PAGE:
Quality Team Feedback | BridgeBetween.com

Providing Quality Feedback to a Team

Getting your feedback message across, without being negative, is the key!

Feedback is VERY important when running a team. Regular feedback lets team members know how their work is being perceived and whether they are on the right track.

But the very idea of receiving feedback can be upsetting to some, as their past experiences might equate ‘feedback’ with ‘ripping a person to shreds’. It can make people defensive and nervous, so it’s important to handle it carefully.

Team members have to hear it for feedback to work

In order to be effective, feedback must first be heard. This might sound silly, but badly delivered feedback is often misconstrued in its meaning or intent and ends up being of little use to the recipients.

What is badly delivered feedback?

Where only negative feedback is provided, without the inclusion of anything positive. Team members are less likely to listen to it, or act on it, if it’s totally negative.

  • Where feedback is judgemental. Is the feedback delivered in ways where the receiver feels ‘unsafe’, as if it is intended to make them look incompetent or as a personal judgment?
  • Where the leader is not clear and forthright. If the feedback is purposely vague out of fear of confrontation or a poor reaction, it can have a negative impact overall.
  • When the feedback is not specific. This is similar to the previous point in that confusion is the result for the team, instead of useful information that they can take on board.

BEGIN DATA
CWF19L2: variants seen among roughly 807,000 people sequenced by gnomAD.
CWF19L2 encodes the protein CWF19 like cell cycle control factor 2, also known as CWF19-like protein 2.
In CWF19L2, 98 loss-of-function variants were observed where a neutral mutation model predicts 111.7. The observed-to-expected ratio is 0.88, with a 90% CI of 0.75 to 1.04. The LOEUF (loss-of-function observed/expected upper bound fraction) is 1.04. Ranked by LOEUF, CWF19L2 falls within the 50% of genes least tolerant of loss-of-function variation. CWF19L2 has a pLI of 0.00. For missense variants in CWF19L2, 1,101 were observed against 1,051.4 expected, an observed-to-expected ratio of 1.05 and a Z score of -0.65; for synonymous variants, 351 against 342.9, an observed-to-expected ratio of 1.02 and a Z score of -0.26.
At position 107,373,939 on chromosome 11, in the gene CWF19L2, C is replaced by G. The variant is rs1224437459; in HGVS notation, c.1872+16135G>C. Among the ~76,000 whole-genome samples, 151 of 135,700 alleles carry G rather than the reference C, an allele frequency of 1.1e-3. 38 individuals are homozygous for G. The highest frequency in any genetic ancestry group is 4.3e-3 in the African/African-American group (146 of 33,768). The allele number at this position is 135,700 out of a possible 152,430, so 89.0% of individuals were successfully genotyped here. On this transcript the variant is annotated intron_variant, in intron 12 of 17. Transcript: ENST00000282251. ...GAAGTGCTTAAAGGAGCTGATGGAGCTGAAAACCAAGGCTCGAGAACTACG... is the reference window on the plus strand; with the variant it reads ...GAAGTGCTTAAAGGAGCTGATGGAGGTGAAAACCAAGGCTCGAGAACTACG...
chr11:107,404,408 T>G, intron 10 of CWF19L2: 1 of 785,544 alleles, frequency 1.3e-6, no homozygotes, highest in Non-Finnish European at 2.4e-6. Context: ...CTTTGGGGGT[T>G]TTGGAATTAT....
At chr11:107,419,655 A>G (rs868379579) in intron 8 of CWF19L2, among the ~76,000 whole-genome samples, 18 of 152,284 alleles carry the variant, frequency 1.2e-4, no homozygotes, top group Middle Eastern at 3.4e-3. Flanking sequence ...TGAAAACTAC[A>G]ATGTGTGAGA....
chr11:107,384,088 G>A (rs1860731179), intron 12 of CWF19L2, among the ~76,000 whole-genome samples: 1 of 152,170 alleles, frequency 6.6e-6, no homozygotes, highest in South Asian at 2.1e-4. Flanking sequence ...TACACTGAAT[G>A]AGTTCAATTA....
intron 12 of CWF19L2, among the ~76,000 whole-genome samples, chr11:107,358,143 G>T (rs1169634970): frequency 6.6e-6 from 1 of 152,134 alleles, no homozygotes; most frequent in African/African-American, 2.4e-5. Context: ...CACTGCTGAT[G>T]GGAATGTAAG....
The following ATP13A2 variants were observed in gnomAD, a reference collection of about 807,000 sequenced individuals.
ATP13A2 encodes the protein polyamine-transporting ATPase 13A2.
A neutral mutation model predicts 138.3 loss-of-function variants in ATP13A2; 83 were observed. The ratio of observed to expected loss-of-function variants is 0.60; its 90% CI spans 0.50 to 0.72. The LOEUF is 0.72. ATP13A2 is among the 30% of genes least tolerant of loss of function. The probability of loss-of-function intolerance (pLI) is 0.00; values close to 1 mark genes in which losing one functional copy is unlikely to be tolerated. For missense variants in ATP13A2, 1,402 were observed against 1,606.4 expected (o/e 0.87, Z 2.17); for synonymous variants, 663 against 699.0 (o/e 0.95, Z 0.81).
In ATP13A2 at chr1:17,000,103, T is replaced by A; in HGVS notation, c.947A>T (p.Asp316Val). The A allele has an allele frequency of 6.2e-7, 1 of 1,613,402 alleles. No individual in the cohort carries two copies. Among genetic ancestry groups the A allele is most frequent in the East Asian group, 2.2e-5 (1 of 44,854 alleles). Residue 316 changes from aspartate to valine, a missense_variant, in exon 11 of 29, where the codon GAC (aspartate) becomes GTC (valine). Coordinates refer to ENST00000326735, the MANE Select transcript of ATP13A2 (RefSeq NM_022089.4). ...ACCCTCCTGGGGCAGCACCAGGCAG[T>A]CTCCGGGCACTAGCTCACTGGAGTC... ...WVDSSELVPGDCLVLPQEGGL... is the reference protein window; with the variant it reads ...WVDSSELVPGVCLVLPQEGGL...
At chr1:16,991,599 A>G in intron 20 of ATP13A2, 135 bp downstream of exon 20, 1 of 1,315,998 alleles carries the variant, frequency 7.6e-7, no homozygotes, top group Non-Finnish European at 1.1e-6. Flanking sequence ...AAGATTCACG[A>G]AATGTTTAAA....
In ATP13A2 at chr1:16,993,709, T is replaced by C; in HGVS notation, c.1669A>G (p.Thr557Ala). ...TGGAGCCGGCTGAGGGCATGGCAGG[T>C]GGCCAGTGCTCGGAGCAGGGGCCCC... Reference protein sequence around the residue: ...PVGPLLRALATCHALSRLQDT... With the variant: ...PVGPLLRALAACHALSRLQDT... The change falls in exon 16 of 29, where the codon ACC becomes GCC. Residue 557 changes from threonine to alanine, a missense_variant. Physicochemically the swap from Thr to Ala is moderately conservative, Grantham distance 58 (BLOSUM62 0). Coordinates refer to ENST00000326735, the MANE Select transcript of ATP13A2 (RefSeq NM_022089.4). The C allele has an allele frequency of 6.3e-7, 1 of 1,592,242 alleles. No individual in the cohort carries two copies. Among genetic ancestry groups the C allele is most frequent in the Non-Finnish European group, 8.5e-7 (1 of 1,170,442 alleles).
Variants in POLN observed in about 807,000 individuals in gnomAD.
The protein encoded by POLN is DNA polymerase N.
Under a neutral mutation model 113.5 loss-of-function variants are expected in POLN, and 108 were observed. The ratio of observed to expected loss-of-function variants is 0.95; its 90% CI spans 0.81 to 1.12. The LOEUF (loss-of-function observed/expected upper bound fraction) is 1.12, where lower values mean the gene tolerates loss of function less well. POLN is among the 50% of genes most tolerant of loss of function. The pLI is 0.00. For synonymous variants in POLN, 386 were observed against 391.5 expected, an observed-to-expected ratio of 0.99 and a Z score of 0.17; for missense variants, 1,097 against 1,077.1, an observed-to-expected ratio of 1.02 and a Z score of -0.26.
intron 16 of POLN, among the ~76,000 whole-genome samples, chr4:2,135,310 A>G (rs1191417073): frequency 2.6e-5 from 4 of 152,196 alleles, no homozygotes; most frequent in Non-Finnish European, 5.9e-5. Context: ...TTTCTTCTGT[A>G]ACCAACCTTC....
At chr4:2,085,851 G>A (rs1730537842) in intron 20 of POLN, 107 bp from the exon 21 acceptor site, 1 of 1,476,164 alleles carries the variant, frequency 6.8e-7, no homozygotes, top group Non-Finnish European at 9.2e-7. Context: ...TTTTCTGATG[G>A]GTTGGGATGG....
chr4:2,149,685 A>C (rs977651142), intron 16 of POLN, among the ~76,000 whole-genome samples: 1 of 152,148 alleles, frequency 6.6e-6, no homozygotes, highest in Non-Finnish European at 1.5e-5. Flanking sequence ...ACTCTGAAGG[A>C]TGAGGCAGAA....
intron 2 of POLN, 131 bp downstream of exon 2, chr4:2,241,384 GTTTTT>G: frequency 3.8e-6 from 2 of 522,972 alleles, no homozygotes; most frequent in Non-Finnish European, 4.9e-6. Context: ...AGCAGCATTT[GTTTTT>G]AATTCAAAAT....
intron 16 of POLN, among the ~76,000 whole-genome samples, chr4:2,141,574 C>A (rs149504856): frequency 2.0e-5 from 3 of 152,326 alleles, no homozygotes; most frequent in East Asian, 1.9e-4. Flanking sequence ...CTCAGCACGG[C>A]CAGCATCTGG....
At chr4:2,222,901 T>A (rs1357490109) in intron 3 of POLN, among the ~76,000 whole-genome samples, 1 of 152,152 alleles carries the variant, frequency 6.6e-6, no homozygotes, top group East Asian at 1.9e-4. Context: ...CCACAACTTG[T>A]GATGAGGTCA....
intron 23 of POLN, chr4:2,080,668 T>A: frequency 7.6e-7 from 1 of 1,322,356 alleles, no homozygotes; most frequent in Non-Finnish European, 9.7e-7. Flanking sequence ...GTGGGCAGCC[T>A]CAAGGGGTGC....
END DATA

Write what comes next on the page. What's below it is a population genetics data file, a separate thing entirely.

• Where feedback is not productive. If the feedback only serves to take people down and doesn’t provide a platform for growth and confidence building, it’s not good feedback.

Related: Team Communication: How to Speak So Your Team Will Listen

Qualities you need to give feedback effectively

As a leader, your feedback will be more readily taken on board if you have these qualities: authority, credibility and trustworthiness.

If you have the authority to provide the feedback, in that you are the right person to be doing it in the structure of your team, you are more likely to be heard. Peer to peer feedback CAN work in some circumstances but most people on a team see themselves as equal and are reluctant to take criticism from someone they don’t consider as being in a leadership role.

Authority also comes with time. A brand new leader of a team may not be speaking with authority when they give feedback due simply to the fact that they haven’t interacted with the team long enough to be in the know.

Credibility is important in that if you don’t know your subject matter and you are unfamiliar with the team, you won’t have much credibility with them, and nor will your feedback.

Finally, trustworthiness comes down to that element of safety, mentioned earlier. Feedback given in the right circumstances and environment builds trust and a solid working relationship. If the team members feels that the feedback given will be shared inappropriately or otherwise misused, it won’t be heard.

Five essentials when giving feedback

  1. Be positive!
  2. Be specific!
  3. Be timely! (Giving feedback on something that happened six months ago isn’t particularly helpful!)
  4. Be clear!
  5. Be conversational! (Make it a conversation, not a commandment. Allowing the team to respond and discuss the feedback is important.)

Related: How to Get Your Team to Speak Up

Following up is another essential key in providing feedback. Giving it and then just leaving it out there, without a time frame for following up to see if it was heard/implemented, isn’t helpful to you or your team. This is a chance for you to give positive feedback when the team is doing what you requested. Don’t miss it!

If you need help to learn the subtleties surrounding the art of giving feedback, consider getting some coaching. You can learn to give even the hardest feedback clearly, without judgment and in a way that the receiver can hear and act on it.

One thought on “Providing Quality Feedback to a Team

  1. Another aspect of trustworthiness and accepting feedback is believing the leader is doing it out of genuine concern and desire for the team to improve.

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